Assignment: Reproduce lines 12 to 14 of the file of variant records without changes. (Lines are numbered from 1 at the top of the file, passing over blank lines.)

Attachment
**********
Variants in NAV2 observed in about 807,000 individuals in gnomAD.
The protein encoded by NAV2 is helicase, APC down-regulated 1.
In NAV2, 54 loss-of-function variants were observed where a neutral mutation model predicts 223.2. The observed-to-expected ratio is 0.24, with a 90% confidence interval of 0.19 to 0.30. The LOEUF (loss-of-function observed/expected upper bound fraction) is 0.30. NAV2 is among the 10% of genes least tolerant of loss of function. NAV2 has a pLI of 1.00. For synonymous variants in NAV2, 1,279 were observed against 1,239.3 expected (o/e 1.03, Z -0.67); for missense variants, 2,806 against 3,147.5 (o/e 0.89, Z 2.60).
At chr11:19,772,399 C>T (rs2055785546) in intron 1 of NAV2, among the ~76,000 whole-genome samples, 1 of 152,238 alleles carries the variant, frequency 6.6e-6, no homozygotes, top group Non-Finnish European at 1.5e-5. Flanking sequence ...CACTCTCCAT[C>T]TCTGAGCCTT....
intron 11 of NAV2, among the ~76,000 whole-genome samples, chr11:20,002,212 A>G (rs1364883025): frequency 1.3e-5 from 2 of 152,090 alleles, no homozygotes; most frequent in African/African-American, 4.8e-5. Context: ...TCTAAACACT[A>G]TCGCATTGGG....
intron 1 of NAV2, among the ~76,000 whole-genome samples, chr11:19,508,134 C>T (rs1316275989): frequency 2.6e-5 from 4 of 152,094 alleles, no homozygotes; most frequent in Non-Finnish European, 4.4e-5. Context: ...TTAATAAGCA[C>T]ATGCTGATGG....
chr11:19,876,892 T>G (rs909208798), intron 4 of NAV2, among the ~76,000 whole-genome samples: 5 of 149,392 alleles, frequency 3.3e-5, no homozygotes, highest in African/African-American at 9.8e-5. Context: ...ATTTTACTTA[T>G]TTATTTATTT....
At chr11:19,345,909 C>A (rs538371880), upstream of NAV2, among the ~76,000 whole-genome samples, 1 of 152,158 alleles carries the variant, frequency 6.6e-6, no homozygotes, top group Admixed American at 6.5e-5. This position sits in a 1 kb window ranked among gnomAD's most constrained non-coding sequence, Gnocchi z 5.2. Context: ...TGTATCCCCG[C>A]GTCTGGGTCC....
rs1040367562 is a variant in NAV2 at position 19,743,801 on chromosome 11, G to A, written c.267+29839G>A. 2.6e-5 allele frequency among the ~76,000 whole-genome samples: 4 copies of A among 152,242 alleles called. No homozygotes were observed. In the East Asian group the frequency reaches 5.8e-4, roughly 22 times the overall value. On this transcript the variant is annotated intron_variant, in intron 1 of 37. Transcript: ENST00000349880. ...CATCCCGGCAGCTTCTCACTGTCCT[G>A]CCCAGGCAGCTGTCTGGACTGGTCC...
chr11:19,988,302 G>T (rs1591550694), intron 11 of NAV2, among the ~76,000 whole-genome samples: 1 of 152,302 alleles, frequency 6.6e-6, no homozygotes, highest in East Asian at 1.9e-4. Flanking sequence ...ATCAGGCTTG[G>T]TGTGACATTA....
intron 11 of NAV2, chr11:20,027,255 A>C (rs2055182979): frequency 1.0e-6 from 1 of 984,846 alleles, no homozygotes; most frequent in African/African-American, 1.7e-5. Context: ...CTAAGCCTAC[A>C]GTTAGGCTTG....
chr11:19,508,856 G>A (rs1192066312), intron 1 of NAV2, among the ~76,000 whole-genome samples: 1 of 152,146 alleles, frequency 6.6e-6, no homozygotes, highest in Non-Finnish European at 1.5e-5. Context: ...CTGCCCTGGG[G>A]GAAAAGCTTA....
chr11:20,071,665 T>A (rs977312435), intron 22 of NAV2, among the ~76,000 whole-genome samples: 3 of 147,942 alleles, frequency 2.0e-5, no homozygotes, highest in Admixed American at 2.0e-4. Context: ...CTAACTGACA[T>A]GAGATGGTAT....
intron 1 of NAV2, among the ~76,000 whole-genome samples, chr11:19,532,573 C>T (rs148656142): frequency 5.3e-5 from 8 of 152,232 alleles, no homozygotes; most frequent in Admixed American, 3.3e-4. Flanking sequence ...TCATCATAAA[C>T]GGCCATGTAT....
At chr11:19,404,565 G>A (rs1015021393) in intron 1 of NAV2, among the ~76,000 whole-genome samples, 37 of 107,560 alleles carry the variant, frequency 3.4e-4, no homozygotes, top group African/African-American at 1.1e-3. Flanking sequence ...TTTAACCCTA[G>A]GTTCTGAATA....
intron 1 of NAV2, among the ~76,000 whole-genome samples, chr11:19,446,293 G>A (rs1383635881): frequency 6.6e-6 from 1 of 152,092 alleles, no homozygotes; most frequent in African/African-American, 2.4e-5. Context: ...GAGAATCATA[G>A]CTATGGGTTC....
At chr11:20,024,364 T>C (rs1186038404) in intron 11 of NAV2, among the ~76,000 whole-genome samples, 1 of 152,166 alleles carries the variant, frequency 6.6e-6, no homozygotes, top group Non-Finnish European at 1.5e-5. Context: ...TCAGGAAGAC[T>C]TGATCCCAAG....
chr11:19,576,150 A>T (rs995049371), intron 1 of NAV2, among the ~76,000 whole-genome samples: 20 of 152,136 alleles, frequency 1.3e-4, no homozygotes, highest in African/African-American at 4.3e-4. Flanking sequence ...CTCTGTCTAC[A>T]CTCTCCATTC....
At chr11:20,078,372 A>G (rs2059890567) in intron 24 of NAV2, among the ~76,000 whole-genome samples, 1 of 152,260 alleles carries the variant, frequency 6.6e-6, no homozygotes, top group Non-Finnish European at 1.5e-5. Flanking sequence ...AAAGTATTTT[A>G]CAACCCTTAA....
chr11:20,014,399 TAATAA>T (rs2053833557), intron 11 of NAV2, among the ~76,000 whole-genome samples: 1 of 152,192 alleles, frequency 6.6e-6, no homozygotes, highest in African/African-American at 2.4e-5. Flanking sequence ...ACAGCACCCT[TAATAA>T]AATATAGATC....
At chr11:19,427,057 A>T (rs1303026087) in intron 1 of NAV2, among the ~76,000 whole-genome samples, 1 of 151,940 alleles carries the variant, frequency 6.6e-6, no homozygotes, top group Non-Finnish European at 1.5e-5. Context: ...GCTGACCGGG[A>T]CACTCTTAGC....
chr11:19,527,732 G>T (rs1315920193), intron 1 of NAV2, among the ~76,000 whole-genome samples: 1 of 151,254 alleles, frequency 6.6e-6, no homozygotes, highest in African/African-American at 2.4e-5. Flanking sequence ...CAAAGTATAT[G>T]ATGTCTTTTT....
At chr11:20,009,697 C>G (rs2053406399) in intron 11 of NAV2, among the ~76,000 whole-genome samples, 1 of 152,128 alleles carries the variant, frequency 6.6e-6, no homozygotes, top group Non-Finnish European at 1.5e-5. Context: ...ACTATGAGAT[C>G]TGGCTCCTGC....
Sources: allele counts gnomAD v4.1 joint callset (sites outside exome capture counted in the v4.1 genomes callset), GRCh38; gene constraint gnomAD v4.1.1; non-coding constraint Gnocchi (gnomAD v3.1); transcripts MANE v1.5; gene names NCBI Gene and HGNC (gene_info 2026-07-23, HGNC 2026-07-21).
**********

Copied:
chr11:19,508,856 G>A (rs1192066312), intron 1 of NAV2, among the ~76,000 whole-genome samples: 1 of 152,146 alleles, frequency 6.6e-6, no homozygotes, highest in Non-Finnish European at 1.5e-5. Context: ...CTGCCCTGGG[G>A]GAAAAGCTTA....
chr11:20,071,665 T>A (rs977312435), intron 22 of NAV2, among the ~76,000 whole-genome samples: 3 of 147,942 alleles, frequency 2.0e-5, no homozygotes, highest in Admixed American at 2.0e-4. Context: ...CTAACTGACA[T>A]GAGATGGTAT....
intron 1 of NAV2, among the ~76,000 whole-genome samples, chr11:19,532,573 C>T (rs148656142): frequency 5.3e-5 from 8 of 152,232 alleles, no homozygotes; most frequent in Admixed American, 3.3e-4. Flanking sequence ...TCATCATAAA[C>T]GGCCATGTAT....